A Little Night Music Even before the first note of Stephen Sondheim's lush waltz-time music is heard, as hues of turquoise and aqua light bathe the stage in cool anticipation, there's a sense that something magical is about to happen. It does. Sondheim's least-produced great musical receives a jaw-dropping, pitch-perfect production from Stages St. Louis. Directed with uncharacteristic restraint by Michael Hamilton, this witty, civilized and stylish fable about sexual follies on a smiling summer night is so elegant and sumptuous, the musical feels as if it's playing out in the center of a precious Fabergé egg. The entire cast excels, but none more so than Kari Ely. As Desiree Armfeldt, the Swedish actress who rediscovers romance when she least expects it, Ely finds the wit, irony and rue that define the evening. If you haven't seen Night Music in a while, prepare to be reminded of how thoroughly satisfying a mature musical can be. If you've never seen it, you couldn't hope for a more exquisite introduction. Through July 1 at the Robert G. Reim Theatre, 111 South Geyer Road, Kirkwood. Tickets are $46 ($43 for seniors; rush seats for students and seniors $15 at the door). Call 314-821-2407 or visit www.stagesstlouis.org.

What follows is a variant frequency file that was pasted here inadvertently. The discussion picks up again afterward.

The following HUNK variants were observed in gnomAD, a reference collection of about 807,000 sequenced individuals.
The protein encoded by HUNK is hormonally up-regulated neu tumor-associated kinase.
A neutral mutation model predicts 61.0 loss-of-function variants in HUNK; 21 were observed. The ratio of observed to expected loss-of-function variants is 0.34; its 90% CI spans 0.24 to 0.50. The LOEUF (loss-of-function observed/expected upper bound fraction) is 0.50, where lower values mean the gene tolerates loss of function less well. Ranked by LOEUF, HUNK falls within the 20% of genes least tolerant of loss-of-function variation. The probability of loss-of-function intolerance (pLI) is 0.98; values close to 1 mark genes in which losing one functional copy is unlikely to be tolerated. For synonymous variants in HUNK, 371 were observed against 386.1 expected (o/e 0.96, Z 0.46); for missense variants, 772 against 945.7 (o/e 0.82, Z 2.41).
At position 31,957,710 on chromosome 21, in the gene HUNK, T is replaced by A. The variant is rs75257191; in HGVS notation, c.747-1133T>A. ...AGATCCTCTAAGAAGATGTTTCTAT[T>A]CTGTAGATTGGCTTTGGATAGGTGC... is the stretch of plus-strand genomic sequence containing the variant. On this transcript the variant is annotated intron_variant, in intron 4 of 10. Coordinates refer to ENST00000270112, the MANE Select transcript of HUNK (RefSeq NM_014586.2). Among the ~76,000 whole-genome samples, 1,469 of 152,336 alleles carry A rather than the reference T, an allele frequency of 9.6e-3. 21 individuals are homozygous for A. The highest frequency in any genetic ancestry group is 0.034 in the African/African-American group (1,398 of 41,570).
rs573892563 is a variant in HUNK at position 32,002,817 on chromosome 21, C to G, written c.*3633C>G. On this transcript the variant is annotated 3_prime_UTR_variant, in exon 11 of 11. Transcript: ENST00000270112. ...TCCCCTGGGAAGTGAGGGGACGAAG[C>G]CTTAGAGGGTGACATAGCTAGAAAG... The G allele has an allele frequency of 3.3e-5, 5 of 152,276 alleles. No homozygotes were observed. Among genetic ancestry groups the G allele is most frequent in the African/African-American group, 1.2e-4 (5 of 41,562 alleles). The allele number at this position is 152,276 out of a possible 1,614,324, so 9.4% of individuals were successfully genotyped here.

The Mikado Stage director Nick Canty ups the ante on Gilbert & Sullivan's operetta by modernizing the plot, wryly resetting the action in contemporary Japan. The chorus gains Godzilla, a sumo wrestler and a guy in a Pokémon suit, while Nanki-Poo is reborn as an Elvis impersonator and somehow it all works. The production flies on an unintrusive updating of W.S. Gilbert's torrent of punny lyrics and excellent performances: Patrick Miller is smooth as Nanki-Poo and Katherine Jolly twitters and chirps as Yum-Yum with schoolgirl glee, but Matt Boehler as Poo-Bah and Myrna Paris as Katisha steal the show. This Mikado is breezy entertainment for opera buffs and newcomers alike. It's even kid-friendly. Through June 23 at the Loretto-Hilton Center, 130 Edgar Road, Webster Groves. Tickets are $29 to $95. Call 314-961-0644 or visit www.opera-stl.org.
Oklahoma! Reviewed in this issue.
You Can't Take It With You Enjoying these dizzy shenanigans is the next best thing to riding the Faust Park carousel nonstop for two hours. The Pulitzer Prize-winning screwball comedy by Moss Hart and George S. Kaufman offers an ingratiating view of an eccentric Depression-era American family as reflected through the prism of a fun-house mirror. Stray Dog Theatre's eighteen-actor ensemble plays the high jinks straight, which lends a sense of credibility to the incredulous yet ever-endearing tale of the nutty firecracker-making, ballet-dancing, Erector-set building Sycamore family. This three-act smile is the perfect antidote for a hot summer night. Performed through June 24 at Clayton High School's Little Theatre, 1 Mark Twain Circle, Clayton. Tickets are $18 ($15 for students and seniors). Call 314-865-1995 or visit www.straydogtheatre.org.